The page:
Georgian dance (Georgian: ქართული ცეკვა) is a celebration of life and of Georgia’s rich and diverse culture. Each dance portrays the characteristics of the region in which it originated. The mountain dances, such as Khevsuruli or Mtiuluri, are different from valley or lowland dances — e.g. Acharuli and Davluri. The costumes are different for every dance and resemble the clothing of the past in different regions of Georgia. The dances perfectly capture the natural gracefulness and beauty of Georgian women and the courage, honor and respectfulness of Georgian men. The male dancers perform spectacular leaps and turns, incredible spins and can also boast a highly original technique for, unlike any other dancers in the world, they dance on their toes without the aid of “block” shoes. The female dancers “glide” like swans.
Georgian dance owes a huge debt of gratitude to Iliko Sukhishvili and his wife Nino Ramishvili, founders of the Georgian National Ballet. It is due to their efforts that Georgian national dancing and music has become known in many parts of the world.
In today’s blog I would like to introduce you to some of the most important Georgian dances and its meanings.
Georgian National Dances: Kartuli
Georgian dance kartuli is one of the most famous in the country. This gentle romantic graceful dance is performed by two partners – a male and a female. Kartuli is a wedding dance which originally was not created for the stage. But despite that it is performed in accordance with clear rules sequence: a man invites a woman, a dance together, solo male dance, solo woman dance, a dance together. During the dance, the partners show the incredibly beautiful relationship between a man and a woman. The man throughout the dance keeps himself at a certain distance from his partner, showing her respect and recognition. While he looks only at his partner showing that she is the only woman in the world, the girl, in turn, looks only down. At first glance, kartuli may seem rather easy to implement, however, in practice that is not the case. It requires great effort and skills, that’s why kartuli is considered one of the most difficult.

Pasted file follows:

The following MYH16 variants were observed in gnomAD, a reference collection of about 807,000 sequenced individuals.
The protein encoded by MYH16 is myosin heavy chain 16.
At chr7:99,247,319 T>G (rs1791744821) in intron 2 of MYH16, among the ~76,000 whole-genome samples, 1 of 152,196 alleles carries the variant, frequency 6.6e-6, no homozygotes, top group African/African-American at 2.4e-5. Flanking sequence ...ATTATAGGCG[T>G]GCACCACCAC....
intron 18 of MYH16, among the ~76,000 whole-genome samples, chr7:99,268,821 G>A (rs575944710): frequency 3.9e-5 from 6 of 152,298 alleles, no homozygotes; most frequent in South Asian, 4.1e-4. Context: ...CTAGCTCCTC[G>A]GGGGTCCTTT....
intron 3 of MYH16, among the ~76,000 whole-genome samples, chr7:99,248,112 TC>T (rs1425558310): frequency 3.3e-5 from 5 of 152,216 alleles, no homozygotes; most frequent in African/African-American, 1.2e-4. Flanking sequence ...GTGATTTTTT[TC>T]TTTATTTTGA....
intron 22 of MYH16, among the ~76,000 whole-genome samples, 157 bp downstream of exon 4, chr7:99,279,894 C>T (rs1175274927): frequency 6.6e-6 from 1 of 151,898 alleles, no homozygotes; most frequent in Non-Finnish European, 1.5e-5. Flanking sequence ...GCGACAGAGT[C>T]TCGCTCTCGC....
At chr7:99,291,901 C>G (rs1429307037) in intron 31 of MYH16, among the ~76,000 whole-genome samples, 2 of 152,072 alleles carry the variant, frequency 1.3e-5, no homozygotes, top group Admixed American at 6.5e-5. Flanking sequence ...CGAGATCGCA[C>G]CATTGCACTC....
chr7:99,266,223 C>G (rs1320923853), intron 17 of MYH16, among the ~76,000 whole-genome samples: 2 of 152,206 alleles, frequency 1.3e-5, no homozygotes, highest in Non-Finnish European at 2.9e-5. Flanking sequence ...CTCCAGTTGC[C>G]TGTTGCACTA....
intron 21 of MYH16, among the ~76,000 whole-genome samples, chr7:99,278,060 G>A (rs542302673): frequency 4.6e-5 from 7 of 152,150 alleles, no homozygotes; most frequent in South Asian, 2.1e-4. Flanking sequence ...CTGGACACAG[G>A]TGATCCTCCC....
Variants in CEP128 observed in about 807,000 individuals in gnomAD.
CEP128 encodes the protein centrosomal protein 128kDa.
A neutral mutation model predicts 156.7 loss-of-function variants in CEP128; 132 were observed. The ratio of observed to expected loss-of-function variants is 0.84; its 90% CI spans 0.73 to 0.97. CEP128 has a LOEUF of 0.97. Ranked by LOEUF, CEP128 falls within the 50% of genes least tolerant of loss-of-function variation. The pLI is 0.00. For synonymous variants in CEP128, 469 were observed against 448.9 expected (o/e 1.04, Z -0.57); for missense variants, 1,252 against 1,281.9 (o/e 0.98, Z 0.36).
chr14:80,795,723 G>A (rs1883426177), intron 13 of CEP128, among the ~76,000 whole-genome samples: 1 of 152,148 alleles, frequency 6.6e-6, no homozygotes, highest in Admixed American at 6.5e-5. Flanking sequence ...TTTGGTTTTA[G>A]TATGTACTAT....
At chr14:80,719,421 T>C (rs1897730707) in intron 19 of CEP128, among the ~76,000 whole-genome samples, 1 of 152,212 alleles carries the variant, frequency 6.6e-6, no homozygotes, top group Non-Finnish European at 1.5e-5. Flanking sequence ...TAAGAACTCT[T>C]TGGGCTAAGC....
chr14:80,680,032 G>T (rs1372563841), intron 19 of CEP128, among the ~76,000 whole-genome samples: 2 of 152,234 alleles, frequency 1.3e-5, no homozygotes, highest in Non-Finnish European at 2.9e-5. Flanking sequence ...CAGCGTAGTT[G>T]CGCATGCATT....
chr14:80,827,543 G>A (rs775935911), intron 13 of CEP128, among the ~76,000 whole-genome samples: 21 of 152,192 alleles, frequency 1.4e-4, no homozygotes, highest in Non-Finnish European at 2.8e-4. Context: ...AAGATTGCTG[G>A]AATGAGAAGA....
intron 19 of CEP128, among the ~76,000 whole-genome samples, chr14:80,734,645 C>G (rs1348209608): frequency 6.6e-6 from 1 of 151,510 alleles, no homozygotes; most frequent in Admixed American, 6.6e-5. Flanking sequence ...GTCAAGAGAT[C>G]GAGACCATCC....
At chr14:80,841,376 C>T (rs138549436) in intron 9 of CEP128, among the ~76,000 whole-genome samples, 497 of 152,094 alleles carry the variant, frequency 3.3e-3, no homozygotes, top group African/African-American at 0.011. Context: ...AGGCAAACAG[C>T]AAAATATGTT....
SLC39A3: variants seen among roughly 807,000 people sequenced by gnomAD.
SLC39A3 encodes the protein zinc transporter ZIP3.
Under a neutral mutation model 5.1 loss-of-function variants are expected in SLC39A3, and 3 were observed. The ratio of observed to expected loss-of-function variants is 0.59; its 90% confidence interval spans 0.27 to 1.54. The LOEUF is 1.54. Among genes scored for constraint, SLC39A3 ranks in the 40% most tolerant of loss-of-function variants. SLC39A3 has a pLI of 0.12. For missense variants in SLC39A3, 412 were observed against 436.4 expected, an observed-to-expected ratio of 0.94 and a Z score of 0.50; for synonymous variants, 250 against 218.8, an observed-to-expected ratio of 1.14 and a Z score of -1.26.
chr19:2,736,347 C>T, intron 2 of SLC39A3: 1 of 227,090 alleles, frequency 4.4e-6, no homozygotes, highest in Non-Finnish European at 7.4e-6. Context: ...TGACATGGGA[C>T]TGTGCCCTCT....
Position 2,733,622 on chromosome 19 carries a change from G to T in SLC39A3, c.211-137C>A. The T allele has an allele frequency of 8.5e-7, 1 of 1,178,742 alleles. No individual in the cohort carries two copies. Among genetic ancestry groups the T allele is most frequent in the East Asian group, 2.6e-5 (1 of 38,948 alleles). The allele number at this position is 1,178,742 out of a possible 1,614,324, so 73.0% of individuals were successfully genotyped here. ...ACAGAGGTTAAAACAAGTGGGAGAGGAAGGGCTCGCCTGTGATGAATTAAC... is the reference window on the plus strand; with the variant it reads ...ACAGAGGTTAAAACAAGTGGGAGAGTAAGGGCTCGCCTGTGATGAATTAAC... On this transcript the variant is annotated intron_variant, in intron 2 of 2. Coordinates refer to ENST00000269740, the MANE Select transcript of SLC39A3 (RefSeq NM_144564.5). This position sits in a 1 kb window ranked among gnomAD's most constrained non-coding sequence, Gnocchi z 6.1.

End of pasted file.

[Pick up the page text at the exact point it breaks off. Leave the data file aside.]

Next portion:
Georgian National Dances: Khorumi
Khorumi is another no less famous dance. This war dance is impregnated with courage and bravery of Georgian soldiers. Initially, it was performed by a small number of men, but in the modern interpretation usually take part in 30-40 or more dancers. The dance begins with a prelude in which several men take the stage and look for a place to break a military camp, then they call their other “colleagues” on the stage. After tracking down the enemy and some military actions, the “warriors” celebrate their victory. Khorumi is a dance that expresses the courage, bravery, and love for the motherland. Some dance movements have passed from generation to generation, from father to sons, and came to us from ancient times.
Georgian National Dances: Samaia
The dance Samaia is performed by three women representing King Tamar, the first woman king in Georgia’s history. Samaia is a dance characterized by graciousness, kindness, and feminine beauty. The dance is accompanied by a song. Traditionally, the dance was performed by men and women, but over time it changed, and what you see today’s ensembles performing features only three women. The dancers move harmoniously – their movements are well synchronized as if only one person is dancing.
Georgian National Dances: Adjaruli
Adjaruli also originated in Adjara, which is where it gets its name. Adjaruli is distinguished from other dances with its colorful costumes and the playful mood that simple but definite movements of both men and women create on stage. The dance is characterized with graceful, soft, and playful flirtation between the males and females. Unlike Kartuli, the relationship between men and women in this dance is more informal and lighthearted. Adjaruli dance is one of the favorite dances to perform at gatherings of friends, weddings and other celebrations.
- Tamuna Bichiashvili